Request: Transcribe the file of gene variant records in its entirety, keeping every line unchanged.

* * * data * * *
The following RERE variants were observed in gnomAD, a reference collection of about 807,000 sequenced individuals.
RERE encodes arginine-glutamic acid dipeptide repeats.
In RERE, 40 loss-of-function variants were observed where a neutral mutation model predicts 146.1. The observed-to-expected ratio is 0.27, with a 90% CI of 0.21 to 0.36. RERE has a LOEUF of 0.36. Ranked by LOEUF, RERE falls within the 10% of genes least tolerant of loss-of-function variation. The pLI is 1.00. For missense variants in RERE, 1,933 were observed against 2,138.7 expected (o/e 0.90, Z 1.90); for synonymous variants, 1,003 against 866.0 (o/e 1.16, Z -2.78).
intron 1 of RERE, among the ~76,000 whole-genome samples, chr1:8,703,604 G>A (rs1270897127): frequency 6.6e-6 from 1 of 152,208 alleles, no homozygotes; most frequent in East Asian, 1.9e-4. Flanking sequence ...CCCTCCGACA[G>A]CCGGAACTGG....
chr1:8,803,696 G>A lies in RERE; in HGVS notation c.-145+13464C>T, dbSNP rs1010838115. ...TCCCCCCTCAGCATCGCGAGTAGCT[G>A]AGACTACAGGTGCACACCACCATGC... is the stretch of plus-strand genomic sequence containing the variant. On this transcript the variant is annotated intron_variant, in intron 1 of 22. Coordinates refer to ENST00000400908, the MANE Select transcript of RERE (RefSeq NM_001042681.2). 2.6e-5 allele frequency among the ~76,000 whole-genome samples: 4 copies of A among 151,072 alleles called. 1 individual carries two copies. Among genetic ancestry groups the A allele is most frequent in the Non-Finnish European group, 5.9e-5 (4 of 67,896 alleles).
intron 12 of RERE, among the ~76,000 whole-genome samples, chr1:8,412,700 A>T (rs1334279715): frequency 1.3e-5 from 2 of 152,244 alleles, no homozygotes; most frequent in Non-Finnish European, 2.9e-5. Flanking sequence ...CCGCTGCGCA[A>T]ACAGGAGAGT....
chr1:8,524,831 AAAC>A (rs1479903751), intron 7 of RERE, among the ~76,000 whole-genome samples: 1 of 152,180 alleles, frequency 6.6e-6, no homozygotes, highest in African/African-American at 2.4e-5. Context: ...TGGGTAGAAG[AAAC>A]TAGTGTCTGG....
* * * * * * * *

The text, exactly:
The following RERE variants were observed in gnomAD, a reference collection of about 807,000 sequenced individuals.
RERE encodes arginine-glutamic acid dipeptide repeats.
In RERE, 40 loss-of-function variants were observed where a neutral mutation model predicts 146.1. The observed-to-expected ratio is 0.27, with a 90% CI of 0.21 to 0.36. RERE has a LOEUF of 0.36. Ranked by LOEUF, RERE falls within the 10% of genes least tolerant of loss-of-function variation. The pLI is 1.00. For missense variants in RERE, 1,933 were observed against 2,138.7 expected (o/e 0.90, Z 1.90); for synonymous variants, 1,003 against 866.0 (o/e 1.16, Z -2.78).
intron 1 of RERE, among the ~76,000 whole-genome samples, chr1:8,703,604 G>A (rs1270897127): frequency 6.6e-6 from 1 of 152,208 alleles, no homozygotes; most frequent in East Asian, 1.9e-4. Flanking sequence ...CCCTCCGACA[G>A]CCGGAACTGG....
chr1:8,803,696 G>A lies in RERE; in HGVS notation c.-145+13464C>T, dbSNP rs1010838115. ...TCCCCCCTCAGCATCGCGAGTAGCT[G>A]AGACTACAGGTGCACACCACCATGC... is the stretch of plus-strand genomic sequence containing the variant. On this transcript the variant is annotated intron_variant, in intron 1 of 22. Coordinates refer to ENST00000400908, the MANE Select transcript of RERE (RefSeq NM_001042681.2). 2.6e-5 allele frequency among the ~76,000 whole-genome samples: 4 copies of A among 151,072 alleles called. 1 individual carries two copies. Among genetic ancestry groups the A allele is most frequent in the Non-Finnish European group, 5.9e-5 (4 of 67,896 alleles).
intron 12 of RERE, among the ~76,000 whole-genome samples, chr1:8,412,700 A>T (rs1334279715): frequency 1.3e-5 from 2 of 152,244 alleles, no homozygotes; most frequent in Non-Finnish European, 2.9e-5. Flanking sequence ...CCGCTGCGCA[A>T]ACAGGAGAGT....
chr1:8,524,831 AAAC>A (rs1479903751), intron 7 of RERE, among the ~76,000 whole-genome samples: 1 of 152,180 alleles, frequency 6.6e-6, no homozygotes, highest in African/African-American at 2.4e-5. Context: ...TGGGTAGAAG[AAAC>A]TAGTGTCTGG....